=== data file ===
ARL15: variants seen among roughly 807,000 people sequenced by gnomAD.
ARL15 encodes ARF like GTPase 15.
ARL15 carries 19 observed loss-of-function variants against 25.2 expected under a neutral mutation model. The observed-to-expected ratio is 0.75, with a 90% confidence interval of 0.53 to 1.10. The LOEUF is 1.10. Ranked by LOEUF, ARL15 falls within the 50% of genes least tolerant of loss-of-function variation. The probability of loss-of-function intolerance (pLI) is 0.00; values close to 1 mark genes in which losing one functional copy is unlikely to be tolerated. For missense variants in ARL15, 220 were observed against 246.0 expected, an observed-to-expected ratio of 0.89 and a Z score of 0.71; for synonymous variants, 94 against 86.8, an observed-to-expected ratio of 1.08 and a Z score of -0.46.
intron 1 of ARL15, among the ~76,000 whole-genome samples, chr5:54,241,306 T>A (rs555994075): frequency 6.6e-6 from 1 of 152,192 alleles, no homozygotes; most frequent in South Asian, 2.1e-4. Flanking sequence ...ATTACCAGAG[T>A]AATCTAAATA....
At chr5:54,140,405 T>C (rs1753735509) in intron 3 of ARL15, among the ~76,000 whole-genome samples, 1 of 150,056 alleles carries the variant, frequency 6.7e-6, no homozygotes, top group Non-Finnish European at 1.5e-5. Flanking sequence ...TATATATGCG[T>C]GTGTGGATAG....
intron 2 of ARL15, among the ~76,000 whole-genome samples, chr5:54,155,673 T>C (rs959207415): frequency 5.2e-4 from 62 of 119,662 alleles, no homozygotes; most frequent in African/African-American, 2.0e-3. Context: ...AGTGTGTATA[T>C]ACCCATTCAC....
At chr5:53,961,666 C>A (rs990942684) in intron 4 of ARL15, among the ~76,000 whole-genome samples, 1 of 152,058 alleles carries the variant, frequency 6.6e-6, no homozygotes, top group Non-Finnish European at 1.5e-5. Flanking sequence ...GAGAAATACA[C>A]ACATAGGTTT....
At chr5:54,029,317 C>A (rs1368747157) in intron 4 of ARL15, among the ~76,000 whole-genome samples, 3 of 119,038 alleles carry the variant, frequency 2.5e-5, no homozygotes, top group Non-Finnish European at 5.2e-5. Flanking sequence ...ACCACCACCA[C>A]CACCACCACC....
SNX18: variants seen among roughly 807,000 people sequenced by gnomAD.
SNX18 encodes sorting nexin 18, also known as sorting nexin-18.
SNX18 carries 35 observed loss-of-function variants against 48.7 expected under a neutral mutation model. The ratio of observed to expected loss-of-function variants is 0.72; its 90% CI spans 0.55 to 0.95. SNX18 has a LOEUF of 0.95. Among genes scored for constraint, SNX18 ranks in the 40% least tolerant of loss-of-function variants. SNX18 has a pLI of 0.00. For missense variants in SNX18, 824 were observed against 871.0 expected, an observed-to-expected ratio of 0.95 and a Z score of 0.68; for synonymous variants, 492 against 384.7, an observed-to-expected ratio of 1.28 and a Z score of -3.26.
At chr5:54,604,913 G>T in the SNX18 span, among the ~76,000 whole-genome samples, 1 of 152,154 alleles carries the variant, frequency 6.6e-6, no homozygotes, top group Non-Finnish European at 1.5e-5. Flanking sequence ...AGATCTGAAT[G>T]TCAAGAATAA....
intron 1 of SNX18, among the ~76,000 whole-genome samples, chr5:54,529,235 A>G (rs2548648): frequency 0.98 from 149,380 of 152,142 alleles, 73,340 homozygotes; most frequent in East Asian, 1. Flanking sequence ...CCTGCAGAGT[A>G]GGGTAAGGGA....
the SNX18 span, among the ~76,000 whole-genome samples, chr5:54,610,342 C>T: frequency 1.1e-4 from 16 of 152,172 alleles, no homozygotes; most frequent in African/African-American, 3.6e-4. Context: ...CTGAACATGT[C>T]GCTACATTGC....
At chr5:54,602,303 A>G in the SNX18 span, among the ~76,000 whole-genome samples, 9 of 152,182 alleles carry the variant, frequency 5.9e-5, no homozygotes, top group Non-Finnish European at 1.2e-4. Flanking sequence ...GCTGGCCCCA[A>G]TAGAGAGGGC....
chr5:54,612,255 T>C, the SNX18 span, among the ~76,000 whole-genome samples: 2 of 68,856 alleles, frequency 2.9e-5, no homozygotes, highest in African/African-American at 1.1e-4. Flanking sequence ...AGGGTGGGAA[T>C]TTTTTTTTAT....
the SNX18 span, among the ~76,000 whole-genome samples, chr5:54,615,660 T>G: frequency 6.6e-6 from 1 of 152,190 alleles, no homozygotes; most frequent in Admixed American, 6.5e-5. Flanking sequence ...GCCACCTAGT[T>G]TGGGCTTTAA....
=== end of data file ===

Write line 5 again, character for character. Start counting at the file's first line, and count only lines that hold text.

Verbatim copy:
At chr5:54,140,405 T>C (rs1753735509) in intron 3 of ARL15, among the ~76,000 whole-genome samples, 1 of 150,056 alleles carries the variant, frequency 6.7e-6, no homozygotes, top group Non-Finnish European at 1.5e-5. Flanking sequence ...TATATATGCG[T>C]GTGTGGATAG....